Seneca’s Stoic Comfort

Nassim Nicholas Taleb is one of my guiding lights. Even though many people believed that it was ‘Dr Doom’ Nouriel Roubini who was most correct about the economic disaster, it was Taleb who proved to me that he knew what was going on beneath the numbers. People were being specific kinds of fools. In a few weeks, his long-awaited book will be on sale. It’s called Antifragile: Things That Gain From Disorder. That’s what we’re about here.

In advance of this, I’ve been following some of his writing and most of his video chats. In reading one of his papers I came to understand that thing Taleb calls the Dumbell Strategy, which is to pursue seemingly contradicting aims simultaneously in recognition that he who plays both sides manages risk. But it is not being two-faced, but being antifragile, the difference between which are the stuff of wisdom. There’s no easy way to explain it, and I won’t until I read his book. But I am indeed finding parallels of this thinking in history and coming to terms with what has been said by the likes of Epictetus and Cryssipus as well as the gods of OODA.

I try to be both concerned and unworried. What I hate most of all is not the bad news, but being blindsided by it. I am comfortably at home and concerned (but not worried) about those things that are reasonably within my ambit of capacity to change. I reckon that to be a Stoic approach. At the same time, I’m a Californian which means I do not intend to be fat or lazy or overly concerned with the quality of affairs in the public square, that which our meddlesome friends insist on calling ‘Zocalo’, and will, I suppose until their Yankee inflected Spanish fails to deliver them from being dragged foot-first up the coming ziggurats of political human sacrifice ot the greater glory of La Raza. I’m going to the jazz concert anyway. I’m going jogging anyway. I’m going to eat in my walled garden like an Epicurean anyway. That’s how I roll.

I’m becoming convinced, as I’m sure the Stoics were, that Vulgaris populus ago in obscurum. Ordinary people live in darkness. Being OK is slightly better than that, especially for one such as I who is not likely to curse the darkness. That’s part of the dumbell strategy. That is part of living up to Boyd’s theory of liberty.

“The most important thing in life is to be free to do things. There are only two ways to insure that freedom — you can be rich or you can you reduce your needs to zero.”

But Taleb adds the kicker. He imagines, and we expect that he will describe, certain systems that will benefit from failure – not creative destruction, but perhaps one can think of them as twin OODA loops, one for success and one for failure. Here is Taleb:

Seneca was the wealthiest man in the world. He had 500 desks, on which he wrote his letters talking about how good it was to be poor. And people found inconsistency. But they didn’t realize what Seneca said. He was not against wealth. And he proved effectively that one philosopher can have wealth and be a philosopher. What he was about is dependence on wealth. He wanted the upside of wealth without its downside. And what he would do is–he had been in a shipwreck before. He would fake like he was a shipwreck and travel like he was a shipwreck once in a while. And then he would go back to his villas and feel rich. He would write off every night before going to bed his entire wealth. As a mental exercise. And then wakes up rich. So, he kept the upside. In fact, what he had, my summary of what Stoics were about is a people who really had, like Buddhists, an attitude. …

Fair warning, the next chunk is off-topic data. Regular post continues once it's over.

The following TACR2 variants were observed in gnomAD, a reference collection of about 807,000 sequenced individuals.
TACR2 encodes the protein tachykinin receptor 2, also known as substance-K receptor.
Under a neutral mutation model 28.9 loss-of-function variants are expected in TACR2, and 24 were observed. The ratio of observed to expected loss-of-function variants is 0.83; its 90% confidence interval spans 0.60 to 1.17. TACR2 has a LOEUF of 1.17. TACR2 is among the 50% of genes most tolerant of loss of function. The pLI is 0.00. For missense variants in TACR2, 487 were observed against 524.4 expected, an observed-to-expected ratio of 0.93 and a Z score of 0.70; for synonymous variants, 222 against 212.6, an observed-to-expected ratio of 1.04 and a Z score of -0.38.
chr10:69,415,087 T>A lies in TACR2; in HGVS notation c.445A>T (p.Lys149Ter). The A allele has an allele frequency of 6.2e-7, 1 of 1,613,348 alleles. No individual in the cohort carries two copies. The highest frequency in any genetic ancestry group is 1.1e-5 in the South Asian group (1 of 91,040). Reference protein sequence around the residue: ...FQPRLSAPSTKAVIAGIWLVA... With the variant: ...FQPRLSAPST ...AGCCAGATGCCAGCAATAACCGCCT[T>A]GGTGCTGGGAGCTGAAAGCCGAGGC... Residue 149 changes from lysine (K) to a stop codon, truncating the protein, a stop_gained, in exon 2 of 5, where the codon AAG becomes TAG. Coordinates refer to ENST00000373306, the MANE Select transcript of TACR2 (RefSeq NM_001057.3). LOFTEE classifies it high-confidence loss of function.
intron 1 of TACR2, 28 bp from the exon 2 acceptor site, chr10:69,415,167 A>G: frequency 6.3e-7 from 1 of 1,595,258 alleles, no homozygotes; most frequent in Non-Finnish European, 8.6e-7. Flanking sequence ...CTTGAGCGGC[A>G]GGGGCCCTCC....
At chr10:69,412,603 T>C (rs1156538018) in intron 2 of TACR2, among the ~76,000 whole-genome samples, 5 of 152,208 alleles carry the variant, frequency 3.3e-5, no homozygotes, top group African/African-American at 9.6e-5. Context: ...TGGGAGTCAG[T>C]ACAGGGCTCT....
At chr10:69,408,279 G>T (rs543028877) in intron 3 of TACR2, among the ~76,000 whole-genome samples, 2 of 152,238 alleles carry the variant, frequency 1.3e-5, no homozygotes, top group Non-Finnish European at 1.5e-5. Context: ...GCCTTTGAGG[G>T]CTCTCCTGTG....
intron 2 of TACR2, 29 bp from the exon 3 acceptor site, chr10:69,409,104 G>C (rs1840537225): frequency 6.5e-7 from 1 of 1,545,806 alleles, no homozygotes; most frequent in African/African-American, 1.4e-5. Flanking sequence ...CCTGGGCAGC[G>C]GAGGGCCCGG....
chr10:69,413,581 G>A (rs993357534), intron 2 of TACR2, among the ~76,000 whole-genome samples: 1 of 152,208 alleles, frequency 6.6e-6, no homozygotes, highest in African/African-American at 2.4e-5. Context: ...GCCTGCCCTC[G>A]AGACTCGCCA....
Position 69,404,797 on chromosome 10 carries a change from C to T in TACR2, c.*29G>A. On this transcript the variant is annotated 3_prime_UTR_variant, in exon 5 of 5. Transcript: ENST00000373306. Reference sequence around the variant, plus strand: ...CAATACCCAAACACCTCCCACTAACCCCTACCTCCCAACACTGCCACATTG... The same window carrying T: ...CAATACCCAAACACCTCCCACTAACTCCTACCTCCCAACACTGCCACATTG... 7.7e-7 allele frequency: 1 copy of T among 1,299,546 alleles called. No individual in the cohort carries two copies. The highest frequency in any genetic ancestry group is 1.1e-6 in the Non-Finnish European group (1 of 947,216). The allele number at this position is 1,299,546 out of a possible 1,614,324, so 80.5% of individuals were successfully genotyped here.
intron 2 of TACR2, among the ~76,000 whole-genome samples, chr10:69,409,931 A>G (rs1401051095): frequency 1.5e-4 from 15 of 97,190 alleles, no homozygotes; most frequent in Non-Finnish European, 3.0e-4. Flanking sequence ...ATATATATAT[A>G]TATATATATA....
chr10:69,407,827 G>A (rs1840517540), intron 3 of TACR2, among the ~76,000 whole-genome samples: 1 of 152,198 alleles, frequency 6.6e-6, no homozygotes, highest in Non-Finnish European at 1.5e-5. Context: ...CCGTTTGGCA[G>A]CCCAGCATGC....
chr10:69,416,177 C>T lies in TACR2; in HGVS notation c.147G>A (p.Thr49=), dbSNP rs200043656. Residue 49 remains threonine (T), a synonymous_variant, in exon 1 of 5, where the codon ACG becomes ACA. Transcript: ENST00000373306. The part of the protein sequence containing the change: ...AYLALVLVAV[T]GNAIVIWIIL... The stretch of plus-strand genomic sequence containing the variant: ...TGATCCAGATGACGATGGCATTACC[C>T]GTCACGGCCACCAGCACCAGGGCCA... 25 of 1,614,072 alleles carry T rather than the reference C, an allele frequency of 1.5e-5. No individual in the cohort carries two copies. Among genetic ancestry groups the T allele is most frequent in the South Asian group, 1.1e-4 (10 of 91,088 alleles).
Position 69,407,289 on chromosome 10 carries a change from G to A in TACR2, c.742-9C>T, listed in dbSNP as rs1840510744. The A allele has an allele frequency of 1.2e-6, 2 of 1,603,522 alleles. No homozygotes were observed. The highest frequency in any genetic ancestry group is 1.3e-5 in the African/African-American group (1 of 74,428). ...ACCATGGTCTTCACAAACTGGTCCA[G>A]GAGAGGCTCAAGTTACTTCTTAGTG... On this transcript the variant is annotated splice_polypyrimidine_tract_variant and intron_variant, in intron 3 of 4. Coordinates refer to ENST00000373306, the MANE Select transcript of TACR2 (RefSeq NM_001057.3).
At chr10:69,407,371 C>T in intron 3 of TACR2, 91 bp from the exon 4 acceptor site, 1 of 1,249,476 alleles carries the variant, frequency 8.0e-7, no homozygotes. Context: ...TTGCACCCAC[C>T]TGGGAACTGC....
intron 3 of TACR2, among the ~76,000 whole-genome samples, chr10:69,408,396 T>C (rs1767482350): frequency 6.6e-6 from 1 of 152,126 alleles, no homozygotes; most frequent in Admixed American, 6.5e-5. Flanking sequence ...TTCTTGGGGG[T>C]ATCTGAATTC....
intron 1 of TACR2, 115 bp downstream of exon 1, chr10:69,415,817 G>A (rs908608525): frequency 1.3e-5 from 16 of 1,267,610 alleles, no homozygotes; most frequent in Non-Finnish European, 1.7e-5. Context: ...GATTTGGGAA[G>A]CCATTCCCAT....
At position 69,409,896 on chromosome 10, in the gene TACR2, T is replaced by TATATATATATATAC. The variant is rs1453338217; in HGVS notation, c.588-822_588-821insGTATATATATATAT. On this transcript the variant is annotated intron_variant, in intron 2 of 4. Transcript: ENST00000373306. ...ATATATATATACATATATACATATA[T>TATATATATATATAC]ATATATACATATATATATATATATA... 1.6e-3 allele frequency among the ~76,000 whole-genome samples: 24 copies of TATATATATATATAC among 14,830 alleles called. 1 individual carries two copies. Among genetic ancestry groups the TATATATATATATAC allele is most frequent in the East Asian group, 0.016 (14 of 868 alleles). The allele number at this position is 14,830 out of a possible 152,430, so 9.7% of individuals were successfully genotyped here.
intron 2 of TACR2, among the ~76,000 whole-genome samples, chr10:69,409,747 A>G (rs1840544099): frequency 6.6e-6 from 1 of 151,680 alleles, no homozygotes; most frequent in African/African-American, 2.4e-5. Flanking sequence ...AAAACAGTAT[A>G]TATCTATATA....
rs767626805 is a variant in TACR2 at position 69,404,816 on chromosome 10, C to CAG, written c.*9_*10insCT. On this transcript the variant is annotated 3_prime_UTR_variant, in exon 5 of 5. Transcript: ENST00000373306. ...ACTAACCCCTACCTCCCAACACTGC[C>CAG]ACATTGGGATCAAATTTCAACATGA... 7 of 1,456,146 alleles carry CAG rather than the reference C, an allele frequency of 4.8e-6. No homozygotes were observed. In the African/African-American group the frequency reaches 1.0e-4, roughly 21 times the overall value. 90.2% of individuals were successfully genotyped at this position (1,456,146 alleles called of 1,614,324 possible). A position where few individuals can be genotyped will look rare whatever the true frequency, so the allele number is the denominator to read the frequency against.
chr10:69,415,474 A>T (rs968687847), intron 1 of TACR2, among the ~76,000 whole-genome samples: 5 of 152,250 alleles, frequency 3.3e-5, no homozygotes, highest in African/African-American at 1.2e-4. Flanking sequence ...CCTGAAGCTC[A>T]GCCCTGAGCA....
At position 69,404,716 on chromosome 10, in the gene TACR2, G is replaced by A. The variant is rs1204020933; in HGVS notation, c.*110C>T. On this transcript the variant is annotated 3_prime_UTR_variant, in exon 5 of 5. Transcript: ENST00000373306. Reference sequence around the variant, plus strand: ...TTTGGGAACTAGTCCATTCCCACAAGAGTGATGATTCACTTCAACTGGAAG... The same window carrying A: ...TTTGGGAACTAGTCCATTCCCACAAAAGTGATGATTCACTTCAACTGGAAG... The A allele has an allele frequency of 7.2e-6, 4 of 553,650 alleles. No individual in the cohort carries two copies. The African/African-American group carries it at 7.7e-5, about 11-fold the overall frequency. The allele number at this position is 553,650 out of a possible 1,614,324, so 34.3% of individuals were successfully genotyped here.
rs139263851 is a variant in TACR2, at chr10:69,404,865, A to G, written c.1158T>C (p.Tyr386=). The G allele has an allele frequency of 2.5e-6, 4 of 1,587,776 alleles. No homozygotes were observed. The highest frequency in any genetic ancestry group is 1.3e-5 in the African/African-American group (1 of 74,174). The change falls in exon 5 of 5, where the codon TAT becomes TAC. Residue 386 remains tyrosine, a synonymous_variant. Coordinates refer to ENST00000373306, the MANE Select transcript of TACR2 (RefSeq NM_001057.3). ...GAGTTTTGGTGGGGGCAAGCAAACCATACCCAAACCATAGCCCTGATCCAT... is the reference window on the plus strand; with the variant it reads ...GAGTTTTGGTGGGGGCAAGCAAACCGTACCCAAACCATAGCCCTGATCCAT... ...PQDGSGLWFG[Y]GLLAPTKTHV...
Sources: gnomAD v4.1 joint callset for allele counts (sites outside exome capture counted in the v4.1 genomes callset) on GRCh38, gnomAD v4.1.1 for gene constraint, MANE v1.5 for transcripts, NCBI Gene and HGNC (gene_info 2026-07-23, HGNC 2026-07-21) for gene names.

And my definition is a Stoic is someone who transforms fear into prudence, pain into transformation, mistakes into initiation, and desire into undertaking. Very different than the Buddhist idea of someone who is completely separated from worldly sentiments and possessions and thrills. Very different. Someone who wanted the upside without the downside. And Seneca proved it. And the way you get there, Seneca is suggesting, is through mental exertion. Through renunciation–some of it’s action, but some of it is the way you look at your life and what you prepare yourself for and how you affect your expectations.

Righteous.

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What’s In Your Go Bag?

I have several of these little go bags in my home office and a few in my truck. This one has a water purification kit, a bunch of painkillers, some carabiners and rope. There’s also a pencil box with all kinds of writing utensils, a small ‘Guppy‘ utility knife. There’s a magnifying glass, fingernail clippers and of course, honey roasted peanuts.  Now that I think of it, it’s kind of a miniature bank. If you’re evacuated to the local gymnasium, this kind of stuff will come in handy, and none of it is so heavy that you’d mind carrying it a walked mile or three. I know that in my other one that’s this size, I’ve got some cigarettes and a lighter as well as chapstick and q-tips. I’ve also got a bag of those plackers dental floss picks.

We covered go bags at my other blog and I’ll bring that content over here. As well, we’ll put together something for the wiki once I get that setup.  What kind of go bags do you have and what’s the scenario you’re planning for?

 

Risk Aversion in Equity Markets

David P. Goldman is one of my financial gurus. Here he goes through a rather elaborate explanation to come to the conclusion which is the title of this post. A lot of people who are not economists are saying that capitalism is broken. I have a great deal more confidence in men like Goldman who actually watch what capital is doing and can explain what’s going on, instead of looking at the price of gas, panicking and listening to politicians blame each other’s character.

This is one chart among the many that makes sense to me.

Goldman says..